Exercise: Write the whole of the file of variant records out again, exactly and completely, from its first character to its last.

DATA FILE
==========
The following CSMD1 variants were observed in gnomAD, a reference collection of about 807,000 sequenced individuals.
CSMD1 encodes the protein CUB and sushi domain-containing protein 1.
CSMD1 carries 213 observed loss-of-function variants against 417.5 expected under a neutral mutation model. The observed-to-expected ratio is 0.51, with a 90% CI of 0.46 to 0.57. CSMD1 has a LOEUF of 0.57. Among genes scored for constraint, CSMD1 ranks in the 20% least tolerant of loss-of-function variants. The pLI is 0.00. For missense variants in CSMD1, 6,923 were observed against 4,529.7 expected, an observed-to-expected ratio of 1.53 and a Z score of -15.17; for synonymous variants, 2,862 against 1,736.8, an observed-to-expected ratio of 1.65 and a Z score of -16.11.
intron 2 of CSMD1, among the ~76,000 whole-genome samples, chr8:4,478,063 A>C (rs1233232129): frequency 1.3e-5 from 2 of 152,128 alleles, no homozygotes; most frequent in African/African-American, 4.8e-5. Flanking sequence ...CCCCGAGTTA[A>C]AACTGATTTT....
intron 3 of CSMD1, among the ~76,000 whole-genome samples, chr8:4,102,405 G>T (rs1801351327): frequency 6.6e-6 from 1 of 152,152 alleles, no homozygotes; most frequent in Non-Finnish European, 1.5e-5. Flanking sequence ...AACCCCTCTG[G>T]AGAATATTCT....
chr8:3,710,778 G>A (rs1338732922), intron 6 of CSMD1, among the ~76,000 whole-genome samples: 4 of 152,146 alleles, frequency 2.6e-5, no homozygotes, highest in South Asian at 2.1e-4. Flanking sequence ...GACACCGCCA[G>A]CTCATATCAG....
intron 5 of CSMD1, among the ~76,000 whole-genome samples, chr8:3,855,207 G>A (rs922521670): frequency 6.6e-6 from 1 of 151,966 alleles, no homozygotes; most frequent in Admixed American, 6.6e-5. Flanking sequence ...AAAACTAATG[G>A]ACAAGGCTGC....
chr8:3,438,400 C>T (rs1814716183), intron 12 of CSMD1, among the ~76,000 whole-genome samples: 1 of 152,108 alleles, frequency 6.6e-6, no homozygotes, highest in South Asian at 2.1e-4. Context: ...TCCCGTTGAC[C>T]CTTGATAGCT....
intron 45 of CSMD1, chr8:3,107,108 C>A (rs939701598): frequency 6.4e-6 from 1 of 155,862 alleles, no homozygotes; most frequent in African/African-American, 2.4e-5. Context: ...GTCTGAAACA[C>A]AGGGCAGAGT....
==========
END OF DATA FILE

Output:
The following CSMD1 variants were observed in gnomAD, a reference collection of about 807,000 sequenced individuals.
CSMD1 encodes the protein CUB and sushi domain-containing protein 1.
CSMD1 carries 213 observed loss-of-function variants against 417.5 expected under a neutral mutation model. The observed-to-expected ratio is 0.51, with a 90% CI of 0.46 to 0.57. CSMD1 has a LOEUF of 0.57. Among genes scored for constraint, CSMD1 ranks in the 20% least tolerant of loss-of-function variants. The pLI is 0.00. For missense variants in CSMD1, 6,923 were observed against 4,529.7 expected, an observed-to-expected ratio of 1.53 and a Z score of -15.17; for synonymous variants, 2,862 against 1,736.8, an observed-to-expected ratio of 1.65 and a Z score of -16.11.
intron 2 of CSMD1, among the ~76,000 whole-genome samples, chr8:4,478,063 A>C (rs1233232129): frequency 1.3e-5 from 2 of 152,128 alleles, no homozygotes; most frequent in African/African-American, 4.8e-5. Flanking sequence ...CCCCGAGTTA[A>C]AACTGATTTT....
intron 3 of CSMD1, among the ~76,000 whole-genome samples, chr8:4,102,405 G>T (rs1801351327): frequency 6.6e-6 from 1 of 152,152 alleles, no homozygotes; most frequent in Non-Finnish European, 1.5e-5. Flanking sequence ...AACCCCTCTG[G>T]AGAATATTCT....
chr8:3,710,778 G>A (rs1338732922), intron 6 of CSMD1, among the ~76,000 whole-genome samples: 4 of 152,146 alleles, frequency 2.6e-5, no homozygotes, highest in South Asian at 2.1e-4. Flanking sequence ...GACACCGCCA[G>A]CTCATATCAG....
intron 5 of CSMD1, among the ~76,000 whole-genome samples, chr8:3,855,207 G>A (rs922521670): frequency 6.6e-6 from 1 of 151,966 alleles, no homozygotes; most frequent in Admixed American, 6.6e-5. Flanking sequence ...AAAACTAATG[G>A]ACAAGGCTGC....
chr8:3,438,400 C>T (rs1814716183), intron 12 of CSMD1, among the ~76,000 whole-genome samples: 1 of 152,108 alleles, frequency 6.6e-6, no homozygotes, highest in South Asian at 2.1e-4. Context: ...TCCCGTTGAC[C>T]CTTGATAGCT....
intron 45 of CSMD1, chr8:3,107,108 C>A (rs939701598): frequency 6.4e-6 from 1 of 155,862 alleles, no homozygotes; most frequent in African/African-American, 2.4e-5. Context: ...GTCTGAAACA[C>A]AGGGCAGAGT....